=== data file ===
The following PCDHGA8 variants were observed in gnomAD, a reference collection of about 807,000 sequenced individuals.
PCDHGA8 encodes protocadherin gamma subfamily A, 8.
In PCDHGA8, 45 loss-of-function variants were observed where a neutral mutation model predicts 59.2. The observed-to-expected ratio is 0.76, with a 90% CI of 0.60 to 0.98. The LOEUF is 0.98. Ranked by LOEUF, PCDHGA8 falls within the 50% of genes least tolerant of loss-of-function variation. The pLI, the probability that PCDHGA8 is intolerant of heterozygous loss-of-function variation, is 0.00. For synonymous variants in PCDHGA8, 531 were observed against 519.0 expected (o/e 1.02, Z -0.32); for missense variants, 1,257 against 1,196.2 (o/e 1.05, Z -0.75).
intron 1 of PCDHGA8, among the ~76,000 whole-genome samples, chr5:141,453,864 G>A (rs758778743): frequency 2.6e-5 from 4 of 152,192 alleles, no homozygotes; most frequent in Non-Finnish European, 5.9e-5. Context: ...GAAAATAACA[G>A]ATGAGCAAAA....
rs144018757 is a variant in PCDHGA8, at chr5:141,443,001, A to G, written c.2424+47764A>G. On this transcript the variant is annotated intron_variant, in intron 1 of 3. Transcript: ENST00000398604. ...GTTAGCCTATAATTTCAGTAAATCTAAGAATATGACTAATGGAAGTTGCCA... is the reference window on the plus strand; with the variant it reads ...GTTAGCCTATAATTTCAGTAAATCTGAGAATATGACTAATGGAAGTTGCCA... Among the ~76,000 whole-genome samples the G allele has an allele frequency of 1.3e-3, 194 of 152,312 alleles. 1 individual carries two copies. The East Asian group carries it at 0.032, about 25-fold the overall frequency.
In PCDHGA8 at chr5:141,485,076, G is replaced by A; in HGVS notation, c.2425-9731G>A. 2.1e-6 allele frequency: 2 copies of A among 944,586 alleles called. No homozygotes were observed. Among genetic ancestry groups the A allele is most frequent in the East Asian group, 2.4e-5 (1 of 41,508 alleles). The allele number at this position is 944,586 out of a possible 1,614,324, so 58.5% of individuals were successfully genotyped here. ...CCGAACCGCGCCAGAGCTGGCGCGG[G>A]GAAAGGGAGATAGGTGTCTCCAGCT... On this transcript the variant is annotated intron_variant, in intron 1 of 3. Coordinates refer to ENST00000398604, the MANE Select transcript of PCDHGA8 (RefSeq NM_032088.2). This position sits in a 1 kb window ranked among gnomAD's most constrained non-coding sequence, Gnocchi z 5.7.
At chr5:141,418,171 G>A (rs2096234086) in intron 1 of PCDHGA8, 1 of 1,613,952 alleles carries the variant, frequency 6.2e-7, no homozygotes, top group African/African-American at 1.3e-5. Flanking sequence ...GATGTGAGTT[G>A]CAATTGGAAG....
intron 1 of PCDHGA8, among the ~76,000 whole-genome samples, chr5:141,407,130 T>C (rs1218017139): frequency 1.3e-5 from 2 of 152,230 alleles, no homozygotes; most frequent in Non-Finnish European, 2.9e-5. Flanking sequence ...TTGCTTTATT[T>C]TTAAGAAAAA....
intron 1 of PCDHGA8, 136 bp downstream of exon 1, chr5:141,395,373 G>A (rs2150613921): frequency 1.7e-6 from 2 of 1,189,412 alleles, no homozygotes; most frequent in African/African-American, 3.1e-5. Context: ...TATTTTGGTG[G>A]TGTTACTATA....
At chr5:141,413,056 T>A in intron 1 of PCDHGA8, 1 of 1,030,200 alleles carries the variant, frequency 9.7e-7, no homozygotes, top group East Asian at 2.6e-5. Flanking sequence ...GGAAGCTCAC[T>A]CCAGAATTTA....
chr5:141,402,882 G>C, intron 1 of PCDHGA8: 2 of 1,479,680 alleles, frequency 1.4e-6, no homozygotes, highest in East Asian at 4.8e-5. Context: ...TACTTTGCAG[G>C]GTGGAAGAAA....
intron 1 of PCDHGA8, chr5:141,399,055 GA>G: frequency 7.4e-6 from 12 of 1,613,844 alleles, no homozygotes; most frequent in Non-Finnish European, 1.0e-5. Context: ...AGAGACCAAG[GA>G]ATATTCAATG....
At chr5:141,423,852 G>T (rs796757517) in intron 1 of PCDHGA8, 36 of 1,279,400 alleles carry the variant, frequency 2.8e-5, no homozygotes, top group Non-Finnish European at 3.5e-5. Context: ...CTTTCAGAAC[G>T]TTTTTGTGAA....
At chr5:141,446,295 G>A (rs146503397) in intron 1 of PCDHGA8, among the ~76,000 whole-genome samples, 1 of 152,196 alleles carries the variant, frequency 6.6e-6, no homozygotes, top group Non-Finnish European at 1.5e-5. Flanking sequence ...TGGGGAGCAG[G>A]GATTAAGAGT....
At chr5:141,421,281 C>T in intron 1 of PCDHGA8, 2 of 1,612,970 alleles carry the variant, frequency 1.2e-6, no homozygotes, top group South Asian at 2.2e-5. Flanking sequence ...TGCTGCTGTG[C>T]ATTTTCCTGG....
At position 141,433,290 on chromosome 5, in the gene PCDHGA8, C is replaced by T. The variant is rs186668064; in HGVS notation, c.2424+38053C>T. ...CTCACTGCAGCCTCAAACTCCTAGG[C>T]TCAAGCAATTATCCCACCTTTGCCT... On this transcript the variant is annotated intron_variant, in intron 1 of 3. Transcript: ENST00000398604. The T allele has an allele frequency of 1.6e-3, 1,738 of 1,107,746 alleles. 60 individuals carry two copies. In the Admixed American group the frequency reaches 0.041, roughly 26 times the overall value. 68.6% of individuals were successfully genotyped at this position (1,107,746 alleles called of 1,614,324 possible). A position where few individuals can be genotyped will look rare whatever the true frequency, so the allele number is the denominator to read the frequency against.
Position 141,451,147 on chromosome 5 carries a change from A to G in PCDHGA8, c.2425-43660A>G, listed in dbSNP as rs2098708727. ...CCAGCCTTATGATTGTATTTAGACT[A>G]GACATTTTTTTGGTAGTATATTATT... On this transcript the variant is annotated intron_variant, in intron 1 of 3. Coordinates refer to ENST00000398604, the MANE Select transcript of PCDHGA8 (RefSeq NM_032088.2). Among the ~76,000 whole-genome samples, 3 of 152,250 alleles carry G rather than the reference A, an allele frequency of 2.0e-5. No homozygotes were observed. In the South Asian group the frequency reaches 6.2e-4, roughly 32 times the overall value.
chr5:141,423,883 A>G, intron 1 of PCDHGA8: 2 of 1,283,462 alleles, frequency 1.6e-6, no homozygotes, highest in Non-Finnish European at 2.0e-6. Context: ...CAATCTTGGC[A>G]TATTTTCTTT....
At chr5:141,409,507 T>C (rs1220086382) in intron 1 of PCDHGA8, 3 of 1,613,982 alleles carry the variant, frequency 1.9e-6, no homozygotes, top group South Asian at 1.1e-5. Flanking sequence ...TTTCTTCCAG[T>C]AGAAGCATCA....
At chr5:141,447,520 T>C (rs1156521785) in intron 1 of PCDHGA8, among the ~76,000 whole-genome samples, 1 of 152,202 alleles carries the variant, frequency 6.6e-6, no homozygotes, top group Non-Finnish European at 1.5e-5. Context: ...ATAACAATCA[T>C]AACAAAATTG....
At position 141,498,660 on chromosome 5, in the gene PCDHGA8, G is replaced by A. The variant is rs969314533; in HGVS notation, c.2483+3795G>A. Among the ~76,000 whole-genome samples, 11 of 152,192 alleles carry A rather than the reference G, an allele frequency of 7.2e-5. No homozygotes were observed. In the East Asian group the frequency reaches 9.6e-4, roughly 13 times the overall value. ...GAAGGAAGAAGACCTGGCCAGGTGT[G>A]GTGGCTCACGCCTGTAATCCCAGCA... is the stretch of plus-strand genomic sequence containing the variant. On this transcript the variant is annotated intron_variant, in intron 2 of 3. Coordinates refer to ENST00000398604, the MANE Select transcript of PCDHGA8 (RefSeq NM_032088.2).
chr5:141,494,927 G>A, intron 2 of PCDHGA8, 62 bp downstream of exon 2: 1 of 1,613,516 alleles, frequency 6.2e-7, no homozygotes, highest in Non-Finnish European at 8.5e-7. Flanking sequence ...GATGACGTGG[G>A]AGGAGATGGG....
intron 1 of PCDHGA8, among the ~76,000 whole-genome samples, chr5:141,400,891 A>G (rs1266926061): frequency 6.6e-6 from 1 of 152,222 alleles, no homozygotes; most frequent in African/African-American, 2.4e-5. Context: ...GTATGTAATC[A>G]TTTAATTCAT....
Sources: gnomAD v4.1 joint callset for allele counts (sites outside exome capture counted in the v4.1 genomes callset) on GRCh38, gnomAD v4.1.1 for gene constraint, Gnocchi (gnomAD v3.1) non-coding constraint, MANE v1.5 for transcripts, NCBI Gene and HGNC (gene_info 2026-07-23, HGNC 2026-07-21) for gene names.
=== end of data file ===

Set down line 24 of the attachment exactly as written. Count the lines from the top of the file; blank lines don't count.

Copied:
Sources: gnomAD v4.1 joint callset for allele counts (sites outside exome capture counted in the v4.1 genomes callset) on GRCh38, gnomAD v4.1.1 for gene constraint, Gnocchi (gnomAD v3.1) non-coding constraint, MANE v1.5 for transcripts, NCBI Gene and HGNC (gene_info 2026-07-23, HGNC 2026-07-21) for gene names.